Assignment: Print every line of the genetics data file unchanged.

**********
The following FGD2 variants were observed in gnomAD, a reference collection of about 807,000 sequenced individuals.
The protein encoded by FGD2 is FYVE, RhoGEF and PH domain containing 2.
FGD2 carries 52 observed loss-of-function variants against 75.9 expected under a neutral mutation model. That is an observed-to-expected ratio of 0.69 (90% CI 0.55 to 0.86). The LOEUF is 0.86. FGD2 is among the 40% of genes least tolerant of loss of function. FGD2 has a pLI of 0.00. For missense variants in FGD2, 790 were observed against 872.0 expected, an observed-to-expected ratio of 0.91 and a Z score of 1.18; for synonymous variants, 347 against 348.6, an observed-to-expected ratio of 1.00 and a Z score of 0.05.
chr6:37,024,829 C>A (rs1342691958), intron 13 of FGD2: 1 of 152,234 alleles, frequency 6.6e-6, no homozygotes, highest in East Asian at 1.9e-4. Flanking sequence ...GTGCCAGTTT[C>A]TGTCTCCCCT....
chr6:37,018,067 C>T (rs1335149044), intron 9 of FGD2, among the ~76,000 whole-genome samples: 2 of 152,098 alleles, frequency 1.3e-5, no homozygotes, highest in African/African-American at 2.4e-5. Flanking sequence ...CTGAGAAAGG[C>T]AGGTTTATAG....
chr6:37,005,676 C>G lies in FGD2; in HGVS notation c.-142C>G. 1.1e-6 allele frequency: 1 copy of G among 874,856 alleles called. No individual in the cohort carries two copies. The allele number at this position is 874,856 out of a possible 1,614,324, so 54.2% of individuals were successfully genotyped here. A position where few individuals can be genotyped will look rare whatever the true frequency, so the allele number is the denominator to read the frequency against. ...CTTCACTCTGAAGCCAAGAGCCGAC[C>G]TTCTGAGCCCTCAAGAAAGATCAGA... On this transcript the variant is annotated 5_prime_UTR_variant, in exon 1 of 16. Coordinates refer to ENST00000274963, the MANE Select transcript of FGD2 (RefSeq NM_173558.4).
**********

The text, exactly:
The following FGD2 variants were observed in gnomAD, a reference collection of about 807,000 sequenced individuals.
The protein encoded by FGD2 is FYVE, RhoGEF and PH domain containing 2.
FGD2 carries 52 observed loss-of-function variants against 75.9 expected under a neutral mutation model. That is an observed-to-expected ratio of 0.69 (90% CI 0.55 to 0.86). The LOEUF is 0.86. FGD2 is among the 40% of genes least tolerant of loss of function. FGD2 has a pLI of 0.00. For missense variants in FGD2, 790 were observed against 872.0 expected, an observed-to-expected ratio of 0.91 and a Z score of 1.18; for synonymous variants, 347 against 348.6, an observed-to-expected ratio of 1.00 and a Z score of 0.05.
chr6:37,024,829 C>A (rs1342691958), intron 13 of FGD2: 1 of 152,234 alleles, frequency 6.6e-6, no homozygotes, highest in East Asian at 1.9e-4. Flanking sequence ...GTGCCAGTTT[C>A]TGTCTCCCCT....
chr6:37,018,067 C>T (rs1335149044), intron 9 of FGD2, among the ~76,000 whole-genome samples: 2 of 152,098 alleles, frequency 1.3e-5, no homozygotes, highest in African/African-American at 2.4e-5. Flanking sequence ...CTGAGAAAGG[C>T]AGGTTTATAG....
chr6:37,005,676 C>G lies in FGD2; in HGVS notation c.-142C>G. 1.1e-6 allele frequency: 1 copy of G among 874,856 alleles called. No individual in the cohort carries two copies. The allele number at this position is 874,856 out of a possible 1,614,324, so 54.2% of individuals were successfully genotyped here. A position where few individuals can be genotyped will look rare whatever the true frequency, so the allele number is the denominator to read the frequency against. ...CTTCACTCTGAAGCCAAGAGCCGAC[C>G]TTCTGAGCCCTCAAGAAAGATCAGA... On this transcript the variant is annotated 5_prime_UTR_variant, in exon 1 of 16. Coordinates refer to ENST00000274963, the MANE Select transcript of FGD2 (RefSeq NM_173558.4).